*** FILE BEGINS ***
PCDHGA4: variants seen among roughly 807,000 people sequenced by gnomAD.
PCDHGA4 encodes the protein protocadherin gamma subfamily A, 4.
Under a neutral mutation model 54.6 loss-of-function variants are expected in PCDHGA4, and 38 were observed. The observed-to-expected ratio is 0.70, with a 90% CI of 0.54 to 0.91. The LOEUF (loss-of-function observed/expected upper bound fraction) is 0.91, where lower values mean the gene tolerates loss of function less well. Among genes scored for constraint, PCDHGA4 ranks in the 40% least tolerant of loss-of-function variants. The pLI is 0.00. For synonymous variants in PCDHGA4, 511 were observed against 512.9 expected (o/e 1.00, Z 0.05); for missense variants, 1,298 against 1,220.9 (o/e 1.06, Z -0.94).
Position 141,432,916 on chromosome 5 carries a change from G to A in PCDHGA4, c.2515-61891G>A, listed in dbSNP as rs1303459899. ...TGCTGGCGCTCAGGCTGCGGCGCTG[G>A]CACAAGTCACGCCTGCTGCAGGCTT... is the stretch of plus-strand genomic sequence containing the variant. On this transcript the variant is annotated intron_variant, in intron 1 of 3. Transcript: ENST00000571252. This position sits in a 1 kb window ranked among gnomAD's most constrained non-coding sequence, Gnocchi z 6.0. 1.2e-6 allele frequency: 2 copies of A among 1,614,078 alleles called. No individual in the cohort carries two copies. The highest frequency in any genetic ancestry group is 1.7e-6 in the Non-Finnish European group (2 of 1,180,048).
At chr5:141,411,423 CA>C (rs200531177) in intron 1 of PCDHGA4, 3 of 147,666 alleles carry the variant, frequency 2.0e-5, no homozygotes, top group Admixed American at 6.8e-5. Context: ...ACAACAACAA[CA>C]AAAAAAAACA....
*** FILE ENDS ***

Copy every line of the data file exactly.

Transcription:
PCDHGA4: variants seen among roughly 807,000 people sequenced by gnomAD.
PCDHGA4 encodes the protein protocadherin gamma subfamily A, 4.
Under a neutral mutation model 54.6 loss-of-function variants are expected in PCDHGA4, and 38 were observed. The observed-to-expected ratio is 0.70, with a 90% CI of 0.54 to 0.91. The LOEUF (loss-of-function observed/expected upper bound fraction) is 0.91, where lower values mean the gene tolerates loss of function less well. Among genes scored for constraint, PCDHGA4 ranks in the 40% least tolerant of loss-of-function variants. The pLI is 0.00. For synonymous variants in PCDHGA4, 511 were observed against 512.9 expected (o/e 1.00, Z 0.05); for missense variants, 1,298 against 1,220.9 (o/e 1.06, Z -0.94).
Position 141,432,916 on chromosome 5 carries a change from G to A in PCDHGA4, c.2515-61891G>A, listed in dbSNP as rs1303459899. ...TGCTGGCGCTCAGGCTGCGGCGCTG[G>A]CACAAGTCACGCCTGCTGCAGGCTT... is the stretch of plus-strand genomic sequence containing the variant. On this transcript the variant is annotated intron_variant, in intron 1 of 3. Transcript: ENST00000571252. This position sits in a 1 kb window ranked among gnomAD's most constrained non-coding sequence, Gnocchi z 6.0. 1.2e-6 allele frequency: 2 copies of A among 1,614,078 alleles called. No individual in the cohort carries two copies. The highest frequency in any genetic ancestry group is 1.7e-6 in the Non-Finnish European group (2 of 1,180,048).
At chr5:141,411,423 CA>C (rs200531177) in intron 1 of PCDHGA4, 3 of 147,666 alleles carry the variant, frequency 2.0e-5, no homozygotes, top group Admixed American at 6.8e-5. Context: ...ACAACAACAA[CA>C]AAAAAAAACA....